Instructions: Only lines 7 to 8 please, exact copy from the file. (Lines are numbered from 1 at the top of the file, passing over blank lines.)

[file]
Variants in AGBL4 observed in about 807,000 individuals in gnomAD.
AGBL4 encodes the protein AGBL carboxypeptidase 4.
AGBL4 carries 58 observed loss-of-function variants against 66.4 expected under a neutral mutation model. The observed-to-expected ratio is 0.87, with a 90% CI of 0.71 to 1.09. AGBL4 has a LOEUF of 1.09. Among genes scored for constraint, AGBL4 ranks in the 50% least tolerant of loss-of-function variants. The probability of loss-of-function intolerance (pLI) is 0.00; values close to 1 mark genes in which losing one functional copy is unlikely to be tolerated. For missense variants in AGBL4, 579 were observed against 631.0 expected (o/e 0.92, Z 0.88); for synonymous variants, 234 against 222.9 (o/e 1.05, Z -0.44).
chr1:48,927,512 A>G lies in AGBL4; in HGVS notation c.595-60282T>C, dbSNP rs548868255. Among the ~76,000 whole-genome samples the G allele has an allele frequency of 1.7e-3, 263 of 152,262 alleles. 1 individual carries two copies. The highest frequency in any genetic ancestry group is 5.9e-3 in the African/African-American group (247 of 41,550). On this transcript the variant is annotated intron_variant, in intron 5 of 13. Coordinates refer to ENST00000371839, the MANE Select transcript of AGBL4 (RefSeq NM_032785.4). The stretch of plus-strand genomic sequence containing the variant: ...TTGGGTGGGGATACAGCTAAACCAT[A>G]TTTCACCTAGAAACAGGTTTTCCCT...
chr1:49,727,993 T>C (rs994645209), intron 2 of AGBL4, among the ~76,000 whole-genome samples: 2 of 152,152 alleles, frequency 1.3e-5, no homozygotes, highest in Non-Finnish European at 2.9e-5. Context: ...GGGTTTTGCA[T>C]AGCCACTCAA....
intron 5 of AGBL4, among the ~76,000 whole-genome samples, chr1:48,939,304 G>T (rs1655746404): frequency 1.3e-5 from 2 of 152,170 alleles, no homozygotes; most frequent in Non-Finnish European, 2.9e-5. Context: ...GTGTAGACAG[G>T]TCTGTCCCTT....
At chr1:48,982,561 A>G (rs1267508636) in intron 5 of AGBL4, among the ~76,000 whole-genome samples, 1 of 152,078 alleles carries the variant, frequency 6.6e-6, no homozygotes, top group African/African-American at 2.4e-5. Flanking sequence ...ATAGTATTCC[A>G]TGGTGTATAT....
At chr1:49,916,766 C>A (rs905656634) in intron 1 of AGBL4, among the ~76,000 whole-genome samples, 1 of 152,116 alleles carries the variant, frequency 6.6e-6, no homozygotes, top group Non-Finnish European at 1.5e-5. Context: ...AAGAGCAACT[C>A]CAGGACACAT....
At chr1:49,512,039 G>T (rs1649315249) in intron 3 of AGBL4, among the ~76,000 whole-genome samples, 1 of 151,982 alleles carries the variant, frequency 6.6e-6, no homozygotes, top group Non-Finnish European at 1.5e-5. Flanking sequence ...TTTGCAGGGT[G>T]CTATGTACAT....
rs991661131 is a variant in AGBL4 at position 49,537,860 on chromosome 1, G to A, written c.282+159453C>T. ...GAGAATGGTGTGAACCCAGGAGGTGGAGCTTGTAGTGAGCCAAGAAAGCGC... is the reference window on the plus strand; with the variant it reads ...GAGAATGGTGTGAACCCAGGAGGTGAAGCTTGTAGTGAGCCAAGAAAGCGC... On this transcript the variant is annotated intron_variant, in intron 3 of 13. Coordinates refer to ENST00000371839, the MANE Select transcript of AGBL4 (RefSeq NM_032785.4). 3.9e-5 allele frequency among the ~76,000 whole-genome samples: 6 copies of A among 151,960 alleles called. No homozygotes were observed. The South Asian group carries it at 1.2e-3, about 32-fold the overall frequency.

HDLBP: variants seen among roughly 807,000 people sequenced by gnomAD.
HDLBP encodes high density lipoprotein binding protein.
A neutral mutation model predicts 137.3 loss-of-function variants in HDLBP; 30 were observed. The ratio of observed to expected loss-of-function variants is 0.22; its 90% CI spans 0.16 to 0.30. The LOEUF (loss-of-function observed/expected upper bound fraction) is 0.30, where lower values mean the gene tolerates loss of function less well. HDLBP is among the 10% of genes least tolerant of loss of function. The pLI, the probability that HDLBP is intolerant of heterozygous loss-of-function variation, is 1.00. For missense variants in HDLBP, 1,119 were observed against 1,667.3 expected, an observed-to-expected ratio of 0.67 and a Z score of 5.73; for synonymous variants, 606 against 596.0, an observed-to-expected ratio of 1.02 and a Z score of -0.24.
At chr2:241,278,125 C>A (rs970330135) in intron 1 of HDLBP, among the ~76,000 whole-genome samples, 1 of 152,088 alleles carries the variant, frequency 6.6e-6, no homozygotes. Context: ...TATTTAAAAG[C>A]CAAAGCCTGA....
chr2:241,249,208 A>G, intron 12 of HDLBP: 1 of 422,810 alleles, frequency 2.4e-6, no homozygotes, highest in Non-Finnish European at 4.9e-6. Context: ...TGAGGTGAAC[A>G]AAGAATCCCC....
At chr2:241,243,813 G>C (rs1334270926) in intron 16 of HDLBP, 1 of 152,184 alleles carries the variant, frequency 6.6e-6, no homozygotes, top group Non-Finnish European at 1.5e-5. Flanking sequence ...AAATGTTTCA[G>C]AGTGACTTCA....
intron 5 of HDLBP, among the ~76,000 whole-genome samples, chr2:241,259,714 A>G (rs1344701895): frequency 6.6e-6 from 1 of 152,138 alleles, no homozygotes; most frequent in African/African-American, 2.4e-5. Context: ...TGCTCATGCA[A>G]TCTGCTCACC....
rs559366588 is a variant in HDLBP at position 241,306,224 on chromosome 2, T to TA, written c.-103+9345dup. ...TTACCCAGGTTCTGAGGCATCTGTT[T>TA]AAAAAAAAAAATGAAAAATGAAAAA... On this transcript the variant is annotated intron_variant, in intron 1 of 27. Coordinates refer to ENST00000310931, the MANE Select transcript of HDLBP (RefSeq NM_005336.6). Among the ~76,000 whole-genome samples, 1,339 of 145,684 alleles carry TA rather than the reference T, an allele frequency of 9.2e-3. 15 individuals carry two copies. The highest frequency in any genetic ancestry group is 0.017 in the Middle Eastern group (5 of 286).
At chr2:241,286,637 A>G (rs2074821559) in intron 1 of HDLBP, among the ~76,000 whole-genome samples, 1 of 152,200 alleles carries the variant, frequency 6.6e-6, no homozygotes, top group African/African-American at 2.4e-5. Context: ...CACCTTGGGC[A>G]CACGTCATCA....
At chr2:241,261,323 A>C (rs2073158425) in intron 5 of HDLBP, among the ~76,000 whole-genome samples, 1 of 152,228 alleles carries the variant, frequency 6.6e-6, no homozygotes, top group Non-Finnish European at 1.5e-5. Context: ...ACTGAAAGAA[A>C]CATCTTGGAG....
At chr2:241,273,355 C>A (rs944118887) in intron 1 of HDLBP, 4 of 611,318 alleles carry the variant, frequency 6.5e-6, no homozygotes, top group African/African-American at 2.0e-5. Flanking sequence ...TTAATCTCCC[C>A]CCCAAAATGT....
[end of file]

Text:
At chr1:48,982,561 A>G (rs1267508636) in intron 5 of AGBL4, among the ~76,000 whole-genome samples, 1 of 152,078 alleles carries the variant, frequency 6.6e-6, no homozygotes, top group African/African-American at 2.4e-5. Flanking sequence ...ATAGTATTCC[A>G]TGGTGTATAT....
At chr1:49,916,766 C>A (rs905656634) in intron 1 of AGBL4, among the ~76,000 whole-genome samples, 1 of 152,116 alleles carries the variant, frequency 6.6e-6, no homozygotes, top group Non-Finnish European at 1.5e-5. Context: ...AAGAGCAACT[C>A]CAGGACACAT....